IV. The Early Modern Period, 1500–1800 > H. Latin America, 1500–1800 > 8. The Spanish Colonial System, 1550–1800 > d. Economic Conditions
  The Encyclopedia of World History.  2001.
d. Economic Conditions
The crown fostered gold and silver mining in its colonies. Rich silver deposits were first discovered in Peru, where POTOSÍ became the most important mining center from 1540 to 1585. During the early years of silver extraction, wage labor predominated, but with the organization of the mita (forced labor) in 1574 by Viceroy Toledo, workers were recruited on a compulsory basis. Indian communities also had to provide a fixed allocation of workers to Huancavelica to extract mercury, an essential element for silver amalgamation. Forced recruitment mainly affected provinces in the southern highlands. After 1590, Peruvian silver production decreased, partly owing to irregular mercury production. Only at the beginning of the 18th century did Peruvian silver mining show signs of recovery, encouraged by improvements in mercury production in Huancavelica. From the 1770s on, the steady supply of mercury propelled a silver boom in Peru.  1
Between 1590 and 1630, Mexico's mines became the most productive, with important mines in the districts of Zacatecas, Guanajuato, Pachuca, Taxco, and San Luis de Potosí. Mestizo and Indian workers went to the mines as free laborers attracted by higher wages, though eventually many became trapped in their place of employment by debts, and a system of debt peonage developed. From 1640 to 1680, mining production contracted, recovering in the last decades of the 17th century with the return to smelting techniques to offset mercury shortages. In the 18th century, silver production increased decisively, owing to the steady influx of mercury from the Almadén and Idrija mines in Spain.  2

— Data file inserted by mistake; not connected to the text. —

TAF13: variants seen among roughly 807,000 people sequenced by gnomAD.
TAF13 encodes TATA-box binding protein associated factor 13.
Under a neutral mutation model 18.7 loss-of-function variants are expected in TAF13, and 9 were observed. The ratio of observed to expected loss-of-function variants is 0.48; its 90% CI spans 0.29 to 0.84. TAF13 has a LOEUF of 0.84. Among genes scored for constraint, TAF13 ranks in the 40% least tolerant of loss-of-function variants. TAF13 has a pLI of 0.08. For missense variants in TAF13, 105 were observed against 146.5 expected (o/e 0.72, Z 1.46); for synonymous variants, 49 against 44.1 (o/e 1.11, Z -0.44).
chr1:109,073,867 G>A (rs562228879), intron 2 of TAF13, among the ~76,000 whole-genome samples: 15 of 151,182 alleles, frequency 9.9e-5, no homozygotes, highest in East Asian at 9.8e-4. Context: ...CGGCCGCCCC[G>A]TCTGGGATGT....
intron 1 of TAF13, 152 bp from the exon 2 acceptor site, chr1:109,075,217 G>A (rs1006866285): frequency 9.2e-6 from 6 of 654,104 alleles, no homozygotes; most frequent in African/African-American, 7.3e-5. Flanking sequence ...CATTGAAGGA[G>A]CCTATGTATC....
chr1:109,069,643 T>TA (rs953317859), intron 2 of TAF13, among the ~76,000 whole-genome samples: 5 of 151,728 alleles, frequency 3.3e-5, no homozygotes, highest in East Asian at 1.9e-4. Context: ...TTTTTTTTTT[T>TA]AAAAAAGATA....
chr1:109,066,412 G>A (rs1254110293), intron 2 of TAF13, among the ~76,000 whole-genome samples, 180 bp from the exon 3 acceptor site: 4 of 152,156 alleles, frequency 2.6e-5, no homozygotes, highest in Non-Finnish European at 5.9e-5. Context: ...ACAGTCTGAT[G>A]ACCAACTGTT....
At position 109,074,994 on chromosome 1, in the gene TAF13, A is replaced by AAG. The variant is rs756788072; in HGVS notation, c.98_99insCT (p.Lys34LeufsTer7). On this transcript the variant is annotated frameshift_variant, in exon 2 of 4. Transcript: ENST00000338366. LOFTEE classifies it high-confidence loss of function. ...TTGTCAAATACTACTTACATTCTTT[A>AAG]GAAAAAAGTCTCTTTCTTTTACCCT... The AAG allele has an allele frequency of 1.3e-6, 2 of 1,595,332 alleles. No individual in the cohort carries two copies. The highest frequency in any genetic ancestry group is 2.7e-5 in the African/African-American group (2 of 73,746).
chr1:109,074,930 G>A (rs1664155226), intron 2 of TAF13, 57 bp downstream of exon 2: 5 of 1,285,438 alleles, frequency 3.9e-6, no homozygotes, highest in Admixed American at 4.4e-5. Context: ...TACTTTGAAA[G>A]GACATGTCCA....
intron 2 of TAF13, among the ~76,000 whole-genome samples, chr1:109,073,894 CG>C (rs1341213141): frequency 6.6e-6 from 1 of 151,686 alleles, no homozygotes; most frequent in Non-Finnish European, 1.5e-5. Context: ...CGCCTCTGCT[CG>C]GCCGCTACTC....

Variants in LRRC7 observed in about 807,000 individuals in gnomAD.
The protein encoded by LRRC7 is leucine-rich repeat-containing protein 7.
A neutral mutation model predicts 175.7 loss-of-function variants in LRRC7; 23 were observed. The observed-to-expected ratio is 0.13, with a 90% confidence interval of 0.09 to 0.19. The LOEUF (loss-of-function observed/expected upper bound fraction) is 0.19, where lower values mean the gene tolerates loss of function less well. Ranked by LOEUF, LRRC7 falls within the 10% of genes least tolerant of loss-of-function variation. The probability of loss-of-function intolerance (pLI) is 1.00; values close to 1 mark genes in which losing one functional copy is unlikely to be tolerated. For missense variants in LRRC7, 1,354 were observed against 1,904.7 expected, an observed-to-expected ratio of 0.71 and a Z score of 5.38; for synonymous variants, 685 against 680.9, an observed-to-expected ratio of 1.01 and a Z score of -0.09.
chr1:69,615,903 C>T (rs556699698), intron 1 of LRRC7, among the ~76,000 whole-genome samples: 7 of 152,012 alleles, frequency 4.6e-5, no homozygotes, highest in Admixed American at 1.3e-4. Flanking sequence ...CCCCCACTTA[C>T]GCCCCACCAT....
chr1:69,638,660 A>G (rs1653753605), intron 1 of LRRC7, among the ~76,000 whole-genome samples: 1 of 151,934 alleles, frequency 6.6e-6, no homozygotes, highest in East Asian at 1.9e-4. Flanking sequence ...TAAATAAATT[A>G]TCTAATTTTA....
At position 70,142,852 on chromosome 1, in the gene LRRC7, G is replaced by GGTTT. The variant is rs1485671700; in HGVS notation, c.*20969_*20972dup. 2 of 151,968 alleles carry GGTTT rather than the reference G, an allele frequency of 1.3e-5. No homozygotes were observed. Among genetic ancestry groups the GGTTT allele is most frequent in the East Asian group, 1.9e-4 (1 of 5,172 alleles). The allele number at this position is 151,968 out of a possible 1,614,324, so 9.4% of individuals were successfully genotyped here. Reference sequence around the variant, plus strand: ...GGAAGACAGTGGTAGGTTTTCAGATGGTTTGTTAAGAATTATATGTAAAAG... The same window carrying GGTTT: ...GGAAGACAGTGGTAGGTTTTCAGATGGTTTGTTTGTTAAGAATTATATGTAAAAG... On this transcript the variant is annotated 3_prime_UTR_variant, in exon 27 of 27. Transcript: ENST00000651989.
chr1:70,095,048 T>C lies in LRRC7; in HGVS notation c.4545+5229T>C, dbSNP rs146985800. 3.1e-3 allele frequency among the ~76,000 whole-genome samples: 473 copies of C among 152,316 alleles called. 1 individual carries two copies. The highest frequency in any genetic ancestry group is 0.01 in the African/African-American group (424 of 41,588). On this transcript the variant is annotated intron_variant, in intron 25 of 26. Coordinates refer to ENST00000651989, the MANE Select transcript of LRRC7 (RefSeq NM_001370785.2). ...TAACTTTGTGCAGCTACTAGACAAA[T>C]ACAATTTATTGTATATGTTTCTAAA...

Agricultural and pastoral landholdings developed. In New Spain, Spanish-creole sectors and religious corporations increased their estates (haciendas) during the second half of the 16th century in vast areas, especially in the Bajío region. As a result, white landowners controlled Indian crops such as maize and pulque (alcoholic drink made from maguey), which led to profiteering and price speculation highly beneficial to the elite. In Peru, great landowners made more limited advances, and middle-size haciendas predominated. Throughout the Spanish domains—especially in the Caribbean and coastal areas—sugar plantations and mills evolved on the basis of slave labor, while haciendas used forced Indian labor (mita in Peru and repartimiento in New Spain) and resorted to debt peonage to retain workers. Between 1590 and 1620, the crown ordered legalization of illegal occupation of land through a procedure called composiciones de tierras, which allowed the consolidation of haciendas.  3
Mestizo and Indian peasants also participated in the commercial economy, producing foodstuffs for the market and working in haciendas, mines, and transport as wage laborers. Indian villages were the main source of temporary and low-cost labor for all Spanish-creole enterprises.  4
During the 16th century, silk production developed in Mexico, Puebla, and Oaxaca for the internal market and export to Peru, but it was soon replaced by Chinese silk in the Peruvian market. Cochineal and indigo were important export commodities in Yucatán and Guatemala. In Peru, New Spain, and Nueva Granada, textile factories (obrajes) produced cheap textiles for the internal market. Muleteers' convoys provided transport connecting the diverse economic areas of the viceroyalties.  5